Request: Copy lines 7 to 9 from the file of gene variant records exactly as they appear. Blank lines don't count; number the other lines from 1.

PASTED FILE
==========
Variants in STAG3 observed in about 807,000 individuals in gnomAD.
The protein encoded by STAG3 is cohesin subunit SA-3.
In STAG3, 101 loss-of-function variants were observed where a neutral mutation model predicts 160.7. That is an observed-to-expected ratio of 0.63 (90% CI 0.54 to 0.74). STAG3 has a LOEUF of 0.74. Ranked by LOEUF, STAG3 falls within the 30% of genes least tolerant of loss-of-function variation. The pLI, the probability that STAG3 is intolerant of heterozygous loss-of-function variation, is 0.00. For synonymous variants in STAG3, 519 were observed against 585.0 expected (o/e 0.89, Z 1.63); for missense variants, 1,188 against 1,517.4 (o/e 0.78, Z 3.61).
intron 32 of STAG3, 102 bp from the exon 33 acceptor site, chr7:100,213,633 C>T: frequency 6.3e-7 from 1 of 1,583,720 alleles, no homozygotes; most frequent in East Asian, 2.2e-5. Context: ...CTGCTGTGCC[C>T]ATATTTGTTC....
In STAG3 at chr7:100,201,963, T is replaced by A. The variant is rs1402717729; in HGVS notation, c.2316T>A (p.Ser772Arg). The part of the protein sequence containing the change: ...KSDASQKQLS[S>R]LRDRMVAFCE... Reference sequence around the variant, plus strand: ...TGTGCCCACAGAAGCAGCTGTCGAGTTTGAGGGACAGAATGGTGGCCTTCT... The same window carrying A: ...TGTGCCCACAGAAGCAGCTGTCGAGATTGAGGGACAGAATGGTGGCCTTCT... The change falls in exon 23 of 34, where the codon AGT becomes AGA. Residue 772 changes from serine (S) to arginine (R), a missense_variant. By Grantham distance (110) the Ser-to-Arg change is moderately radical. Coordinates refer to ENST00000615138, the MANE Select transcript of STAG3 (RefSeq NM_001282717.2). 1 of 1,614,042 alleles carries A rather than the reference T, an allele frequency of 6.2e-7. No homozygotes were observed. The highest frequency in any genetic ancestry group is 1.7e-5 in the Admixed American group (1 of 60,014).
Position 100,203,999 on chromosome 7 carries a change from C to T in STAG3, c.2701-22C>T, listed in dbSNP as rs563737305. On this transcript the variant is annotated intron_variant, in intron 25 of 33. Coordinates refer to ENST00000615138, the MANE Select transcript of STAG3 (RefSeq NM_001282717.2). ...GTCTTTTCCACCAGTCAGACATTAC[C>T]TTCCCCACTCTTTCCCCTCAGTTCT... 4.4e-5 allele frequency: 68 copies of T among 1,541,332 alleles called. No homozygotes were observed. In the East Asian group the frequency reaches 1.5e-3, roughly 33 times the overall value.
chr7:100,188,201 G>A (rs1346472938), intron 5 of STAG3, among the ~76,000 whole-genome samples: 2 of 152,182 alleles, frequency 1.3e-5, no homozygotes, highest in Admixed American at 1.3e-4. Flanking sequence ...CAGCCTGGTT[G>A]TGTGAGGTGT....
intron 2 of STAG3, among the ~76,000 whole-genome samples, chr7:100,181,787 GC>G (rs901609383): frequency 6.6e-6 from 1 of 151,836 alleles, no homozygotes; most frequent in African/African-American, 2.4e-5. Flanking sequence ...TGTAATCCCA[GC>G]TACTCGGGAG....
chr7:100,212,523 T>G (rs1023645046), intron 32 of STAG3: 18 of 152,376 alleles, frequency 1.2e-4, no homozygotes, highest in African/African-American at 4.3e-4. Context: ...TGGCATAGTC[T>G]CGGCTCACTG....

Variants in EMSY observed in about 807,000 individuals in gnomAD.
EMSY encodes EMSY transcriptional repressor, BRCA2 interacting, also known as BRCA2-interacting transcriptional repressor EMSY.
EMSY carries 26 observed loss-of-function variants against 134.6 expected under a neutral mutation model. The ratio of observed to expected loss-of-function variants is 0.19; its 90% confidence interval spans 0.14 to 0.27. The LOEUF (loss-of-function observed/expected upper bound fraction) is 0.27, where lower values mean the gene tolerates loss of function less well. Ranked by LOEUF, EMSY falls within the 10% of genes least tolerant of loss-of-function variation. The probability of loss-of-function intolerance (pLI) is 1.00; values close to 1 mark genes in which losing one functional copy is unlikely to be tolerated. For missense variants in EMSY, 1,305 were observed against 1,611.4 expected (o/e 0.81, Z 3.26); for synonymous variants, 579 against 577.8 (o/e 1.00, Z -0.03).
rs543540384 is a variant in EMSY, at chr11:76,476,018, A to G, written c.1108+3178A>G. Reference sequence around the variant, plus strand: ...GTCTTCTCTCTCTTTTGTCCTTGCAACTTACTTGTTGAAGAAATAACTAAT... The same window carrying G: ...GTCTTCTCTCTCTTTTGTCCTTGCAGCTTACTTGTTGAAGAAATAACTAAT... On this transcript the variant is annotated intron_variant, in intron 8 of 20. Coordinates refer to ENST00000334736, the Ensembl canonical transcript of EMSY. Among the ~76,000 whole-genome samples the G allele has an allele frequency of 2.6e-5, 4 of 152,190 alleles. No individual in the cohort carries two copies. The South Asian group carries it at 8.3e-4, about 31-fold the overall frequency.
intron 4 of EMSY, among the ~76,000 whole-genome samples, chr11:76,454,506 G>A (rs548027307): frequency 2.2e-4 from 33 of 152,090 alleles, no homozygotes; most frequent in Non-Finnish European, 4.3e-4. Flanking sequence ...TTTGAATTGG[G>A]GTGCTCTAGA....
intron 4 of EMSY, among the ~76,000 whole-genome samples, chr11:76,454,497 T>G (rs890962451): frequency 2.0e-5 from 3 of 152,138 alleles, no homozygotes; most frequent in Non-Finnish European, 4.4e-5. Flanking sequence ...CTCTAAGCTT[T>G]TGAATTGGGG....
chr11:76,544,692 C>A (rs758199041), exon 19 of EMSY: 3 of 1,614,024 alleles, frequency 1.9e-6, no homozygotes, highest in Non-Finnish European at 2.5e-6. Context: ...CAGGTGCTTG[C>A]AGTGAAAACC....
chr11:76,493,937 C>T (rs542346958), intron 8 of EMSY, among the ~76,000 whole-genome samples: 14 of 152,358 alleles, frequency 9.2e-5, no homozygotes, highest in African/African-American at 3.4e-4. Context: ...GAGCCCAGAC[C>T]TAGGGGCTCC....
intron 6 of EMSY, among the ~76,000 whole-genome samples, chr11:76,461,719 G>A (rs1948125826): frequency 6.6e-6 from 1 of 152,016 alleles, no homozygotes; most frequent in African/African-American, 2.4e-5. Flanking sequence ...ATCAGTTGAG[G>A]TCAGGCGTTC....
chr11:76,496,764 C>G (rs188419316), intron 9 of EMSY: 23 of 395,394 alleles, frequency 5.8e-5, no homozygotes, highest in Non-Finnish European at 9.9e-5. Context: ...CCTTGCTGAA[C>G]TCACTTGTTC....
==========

chr7:100,188,201 G>A (rs1346472938), intron 5 of STAG3, among the ~76,000 whole-genome samples: 2 of 152,182 alleles, frequency 1.3e-5, no homozygotes, highest in Admixed American at 1.3e-4. Flanking sequence ...CAGCCTGGTT[G>A]TGTGAGGTGT....
intron 2 of STAG3, among the ~76,000 whole-genome samples, chr7:100,181,787 GC>G (rs901609383): frequency 6.6e-6 from 1 of 151,836 alleles, no homozygotes; most frequent in African/African-American, 2.4e-5. Flanking sequence ...TGTAATCCCA[GC>G]TACTCGGGAG....
chr7:100,212,523 T>G (rs1023645046), intron 32 of STAG3: 18 of 152,376 alleles, frequency 1.2e-4, no homozygotes, highest in African/African-American at 4.3e-4. Context: ...TGGCATAGTC[T>G]CGGCTCACTG....